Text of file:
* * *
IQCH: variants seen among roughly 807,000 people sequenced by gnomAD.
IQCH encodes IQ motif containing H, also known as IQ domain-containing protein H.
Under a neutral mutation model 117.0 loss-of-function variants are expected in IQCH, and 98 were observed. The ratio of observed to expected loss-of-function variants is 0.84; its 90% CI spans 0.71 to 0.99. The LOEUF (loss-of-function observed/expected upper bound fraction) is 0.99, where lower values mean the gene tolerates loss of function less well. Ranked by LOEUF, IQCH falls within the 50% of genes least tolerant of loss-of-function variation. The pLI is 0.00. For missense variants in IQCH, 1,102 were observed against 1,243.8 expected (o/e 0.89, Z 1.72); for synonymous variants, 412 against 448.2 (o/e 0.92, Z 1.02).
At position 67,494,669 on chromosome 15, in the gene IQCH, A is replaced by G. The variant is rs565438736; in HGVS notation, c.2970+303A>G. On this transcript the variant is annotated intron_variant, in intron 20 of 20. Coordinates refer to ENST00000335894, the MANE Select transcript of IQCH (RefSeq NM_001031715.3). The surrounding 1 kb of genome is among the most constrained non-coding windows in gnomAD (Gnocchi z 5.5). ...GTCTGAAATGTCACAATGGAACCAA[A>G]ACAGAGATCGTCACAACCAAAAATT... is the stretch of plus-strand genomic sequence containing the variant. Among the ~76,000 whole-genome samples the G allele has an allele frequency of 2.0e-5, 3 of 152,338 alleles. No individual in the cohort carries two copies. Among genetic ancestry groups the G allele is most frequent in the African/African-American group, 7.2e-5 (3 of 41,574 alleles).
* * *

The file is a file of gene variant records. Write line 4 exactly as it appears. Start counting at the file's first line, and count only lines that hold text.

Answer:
At position 67,494,669 on chromosome 15, in the gene IQCH, A is replaced by G. The variant is rs565438736; in HGVS notation, c.2970+303A>G. On this transcript the variant is annotated intron_variant, in intron 20 of 20. Coordinates refer to ENST00000335894, the MANE Select transcript of IQCH (RefSeq NM_001031715.3). The surrounding 1 kb of genome is among the most constrained non-coding windows in gnomAD (Gnocchi z 5.5). ...GTCTGAAATGTCACAATGGAACCAA[A>G]ACAGAGATCGTCACAACCAAAAATT... is the stretch of plus-strand genomic sequence containing the variant. Among the ~76,000 whole-genome samples the G allele has an allele frequency of 2.0e-5, 3 of 152,338 alleles. No individual in the cohort carries two copies. Among genetic ancestry groups the G allele is most frequent in the African/African-American group, 7.2e-5 (3 of 41,574 alleles).